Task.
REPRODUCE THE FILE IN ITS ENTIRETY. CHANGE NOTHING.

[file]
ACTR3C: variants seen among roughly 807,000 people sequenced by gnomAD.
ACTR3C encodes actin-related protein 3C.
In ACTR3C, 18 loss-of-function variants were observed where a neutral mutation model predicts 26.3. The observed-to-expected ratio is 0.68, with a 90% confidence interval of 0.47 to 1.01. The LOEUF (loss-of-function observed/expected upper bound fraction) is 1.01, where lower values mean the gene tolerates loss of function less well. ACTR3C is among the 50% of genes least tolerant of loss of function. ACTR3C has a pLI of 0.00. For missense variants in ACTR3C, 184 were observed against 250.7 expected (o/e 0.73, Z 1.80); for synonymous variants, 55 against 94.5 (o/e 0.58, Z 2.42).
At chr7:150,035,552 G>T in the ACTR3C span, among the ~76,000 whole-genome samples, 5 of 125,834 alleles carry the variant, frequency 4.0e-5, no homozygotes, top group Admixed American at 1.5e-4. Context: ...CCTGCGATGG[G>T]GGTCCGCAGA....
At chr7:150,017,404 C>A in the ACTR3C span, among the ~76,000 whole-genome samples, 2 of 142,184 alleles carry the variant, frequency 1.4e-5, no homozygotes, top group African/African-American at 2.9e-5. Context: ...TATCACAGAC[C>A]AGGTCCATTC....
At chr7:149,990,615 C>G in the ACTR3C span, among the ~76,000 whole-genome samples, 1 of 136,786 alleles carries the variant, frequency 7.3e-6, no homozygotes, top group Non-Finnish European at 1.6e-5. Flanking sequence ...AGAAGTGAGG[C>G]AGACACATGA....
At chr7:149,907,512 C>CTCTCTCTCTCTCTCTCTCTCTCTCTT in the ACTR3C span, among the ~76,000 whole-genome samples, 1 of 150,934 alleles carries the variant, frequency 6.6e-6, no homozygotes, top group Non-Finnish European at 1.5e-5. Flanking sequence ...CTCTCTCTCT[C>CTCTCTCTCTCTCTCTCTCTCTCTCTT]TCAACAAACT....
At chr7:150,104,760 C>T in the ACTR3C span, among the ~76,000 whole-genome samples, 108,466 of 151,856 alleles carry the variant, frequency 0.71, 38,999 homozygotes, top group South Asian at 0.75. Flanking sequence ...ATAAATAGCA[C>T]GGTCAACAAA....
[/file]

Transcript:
ACTR3C: variants seen among roughly 807,000 people sequenced by gnomAD.
ACTR3C encodes actin-related protein 3C.
In ACTR3C, 18 loss-of-function variants were observed where a neutral mutation model predicts 26.3. The observed-to-expected ratio is 0.68, with a 90% confidence interval of 0.47 to 1.01. The LOEUF (loss-of-function observed/expected upper bound fraction) is 1.01, where lower values mean the gene tolerates loss of function less well. ACTR3C is among the 50% of genes least tolerant of loss of function. ACTR3C has a pLI of 0.00. For missense variants in ACTR3C, 184 were observed against 250.7 expected (o/e 0.73, Z 1.80); for synonymous variants, 55 against 94.5 (o/e 0.58, Z 2.42).
At chr7:150,035,552 G>T in the ACTR3C span, among the ~76,000 whole-genome samples, 5 of 125,834 alleles carry the variant, frequency 4.0e-5, no homozygotes, top group Admixed American at 1.5e-4. Context: ...CCTGCGATGG[G>T]GGTCCGCAGA....
At chr7:150,017,404 C>A in the ACTR3C span, among the ~76,000 whole-genome samples, 2 of 142,184 alleles carry the variant, frequency 1.4e-5, no homozygotes, top group African/African-American at 2.9e-5. Context: ...TATCACAGAC[C>A]AGGTCCATTC....
At chr7:149,990,615 C>G in the ACTR3C span, among the ~76,000 whole-genome samples, 1 of 136,786 alleles carries the variant, frequency 7.3e-6, no homozygotes, top group Non-Finnish European at 1.6e-5. Flanking sequence ...AGAAGTGAGG[C>G]AGACACATGA....
At chr7:149,907,512 C>CTCTCTCTCTCTCTCTCTCTCTCTCTT in the ACTR3C span, among the ~76,000 whole-genome samples, 1 of 150,934 alleles carries the variant, frequency 6.6e-6, no homozygotes, top group Non-Finnish European at 1.5e-5. Flanking sequence ...CTCTCTCTCT[C>CTCTCTCTCTCTCTCTCTCTCTCTCTT]TCAACAAACT....
At chr7:150,104,760 C>T in the ACTR3C span, among the ~76,000 whole-genome samples, 108,466 of 151,856 alleles carry the variant, frequency 0.71, 38,999 homozygotes, top group South Asian at 0.75. Flanking sequence ...ATAAATAGCA[C>T]GGTCAACAAA....